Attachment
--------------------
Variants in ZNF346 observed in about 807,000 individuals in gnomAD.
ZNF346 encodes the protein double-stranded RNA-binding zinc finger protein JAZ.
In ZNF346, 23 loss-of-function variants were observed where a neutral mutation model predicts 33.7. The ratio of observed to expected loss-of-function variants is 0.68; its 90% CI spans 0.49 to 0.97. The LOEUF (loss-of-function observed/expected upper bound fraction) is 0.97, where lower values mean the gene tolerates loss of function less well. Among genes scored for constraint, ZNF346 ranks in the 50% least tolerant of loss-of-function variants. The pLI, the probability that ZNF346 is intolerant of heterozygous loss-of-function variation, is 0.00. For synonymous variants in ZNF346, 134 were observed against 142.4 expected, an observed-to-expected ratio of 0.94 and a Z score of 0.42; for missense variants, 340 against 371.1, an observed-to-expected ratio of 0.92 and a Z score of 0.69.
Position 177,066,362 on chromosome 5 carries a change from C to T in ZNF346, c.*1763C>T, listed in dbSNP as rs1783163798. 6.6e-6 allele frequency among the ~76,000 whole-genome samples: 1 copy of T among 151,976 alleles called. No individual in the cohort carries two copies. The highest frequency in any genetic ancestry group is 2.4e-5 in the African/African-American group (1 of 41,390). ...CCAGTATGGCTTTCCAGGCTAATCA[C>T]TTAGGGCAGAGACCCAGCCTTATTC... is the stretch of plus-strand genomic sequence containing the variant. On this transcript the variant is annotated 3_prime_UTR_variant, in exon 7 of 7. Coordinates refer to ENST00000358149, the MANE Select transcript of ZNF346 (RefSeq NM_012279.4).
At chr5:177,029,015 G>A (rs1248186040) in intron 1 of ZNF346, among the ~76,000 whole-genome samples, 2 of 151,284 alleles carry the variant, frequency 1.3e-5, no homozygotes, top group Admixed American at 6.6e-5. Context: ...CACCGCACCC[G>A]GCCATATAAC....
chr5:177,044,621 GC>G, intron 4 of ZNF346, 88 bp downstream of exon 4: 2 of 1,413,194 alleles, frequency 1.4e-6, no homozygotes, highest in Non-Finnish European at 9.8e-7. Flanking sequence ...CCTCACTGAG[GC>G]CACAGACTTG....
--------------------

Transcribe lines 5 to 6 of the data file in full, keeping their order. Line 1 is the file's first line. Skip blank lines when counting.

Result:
At chr5:177,029,015 G>A (rs1248186040) in intron 1 of ZNF346, among the ~76,000 whole-genome samples, 2 of 151,284 alleles carry the variant, frequency 1.3e-5, no homozygotes, top group Admixed American at 6.6e-5. Context: ...CACCGCACCC[G>A]GCCATATAAC....
chr5:177,044,621 GC>G, intron 4 of ZNF346, 88 bp downstream of exon 4: 2 of 1,413,194 alleles, frequency 1.4e-6, no homozygotes, highest in Non-Finnish European at 9.8e-7. Flanking sequence ...CCTCACTGAG[GC>G]CACAGACTTG....